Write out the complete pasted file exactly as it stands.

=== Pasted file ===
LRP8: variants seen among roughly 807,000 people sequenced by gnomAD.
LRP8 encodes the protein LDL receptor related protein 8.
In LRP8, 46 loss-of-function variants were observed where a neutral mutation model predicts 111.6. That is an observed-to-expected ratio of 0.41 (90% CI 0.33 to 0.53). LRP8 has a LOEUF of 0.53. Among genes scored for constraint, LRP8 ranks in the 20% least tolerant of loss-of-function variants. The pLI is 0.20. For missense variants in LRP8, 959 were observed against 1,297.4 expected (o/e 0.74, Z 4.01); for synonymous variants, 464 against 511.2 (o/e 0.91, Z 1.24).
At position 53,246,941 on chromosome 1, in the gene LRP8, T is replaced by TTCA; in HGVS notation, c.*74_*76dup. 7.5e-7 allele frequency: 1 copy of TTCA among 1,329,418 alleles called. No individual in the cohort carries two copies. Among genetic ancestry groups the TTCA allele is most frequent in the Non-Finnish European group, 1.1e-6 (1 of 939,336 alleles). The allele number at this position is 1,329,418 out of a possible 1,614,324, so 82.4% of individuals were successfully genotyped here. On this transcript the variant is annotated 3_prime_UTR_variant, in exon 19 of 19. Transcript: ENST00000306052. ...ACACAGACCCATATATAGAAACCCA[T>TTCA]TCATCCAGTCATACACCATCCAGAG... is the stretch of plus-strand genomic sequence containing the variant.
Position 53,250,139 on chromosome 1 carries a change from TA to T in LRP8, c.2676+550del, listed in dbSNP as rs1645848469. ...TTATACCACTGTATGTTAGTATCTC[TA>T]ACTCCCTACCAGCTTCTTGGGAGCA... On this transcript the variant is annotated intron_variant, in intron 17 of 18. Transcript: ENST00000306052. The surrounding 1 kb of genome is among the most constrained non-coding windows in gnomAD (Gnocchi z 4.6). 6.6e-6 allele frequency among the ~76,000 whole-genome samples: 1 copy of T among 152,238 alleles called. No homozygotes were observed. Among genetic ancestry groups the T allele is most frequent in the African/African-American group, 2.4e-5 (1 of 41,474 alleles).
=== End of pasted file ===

LRP8: variants seen among roughly 807,000 people sequenced by gnomAD.
LRP8 encodes the protein LDL receptor related protein 8.
In LRP8, 46 loss-of-function variants were observed where a neutral mutation model predicts 111.6. That is an observed-to-expected ratio of 0.41 (90% CI 0.33 to 0.53). LRP8 has a LOEUF of 0.53. Among genes scored for constraint, LRP8 ranks in the 20% least tolerant of loss-of-function variants. The pLI is 0.20. For missense variants in LRP8, 959 were observed against 1,297.4 expected (o/e 0.74, Z 4.01); for synonymous variants, 464 against 511.2 (o/e 0.91, Z 1.24).
At position 53,246,941 on chromosome 1, in the gene LRP8, T is replaced by TTCA; in HGVS notation, c.*74_*76dup. 7.5e-7 allele frequency: 1 copy of TTCA among 1,329,418 alleles called. No individual in the cohort carries two copies. Among genetic ancestry groups the TTCA allele is most frequent in the Non-Finnish European group, 1.1e-6 (1 of 939,336 alleles). The allele number at this position is 1,329,418 out of a possible 1,614,324, so 82.4% of individuals were successfully genotyped here. On this transcript the variant is annotated 3_prime_UTR_variant, in exon 19 of 19. Transcript: ENST00000306052. ...ACACAGACCCATATATAGAAACCCA[T>TTCA]TCATCCAGTCATACACCATCCAGAG... is the stretch of plus-strand genomic sequence containing the variant.
Position 53,250,139 on chromosome 1 carries a change from TA to T in LRP8, c.2676+550del, listed in dbSNP as rs1645848469. ...TTATACCACTGTATGTTAGTATCTC[TA>T]ACTCCCTACCAGCTTCTTGGGAGCA... On this transcript the variant is annotated intron_variant, in intron 17 of 18. Transcript: ENST00000306052. The surrounding 1 kb of genome is among the most constrained non-coding windows in gnomAD (Gnocchi z 4.6). 6.6e-6 allele frequency among the ~76,000 whole-genome samples: 1 copy of T among 152,238 alleles called. No homozygotes were observed. Among genetic ancestry groups the T allele is most frequent in the African/African-American group, 2.4e-5 (1 of 41,474 alleles).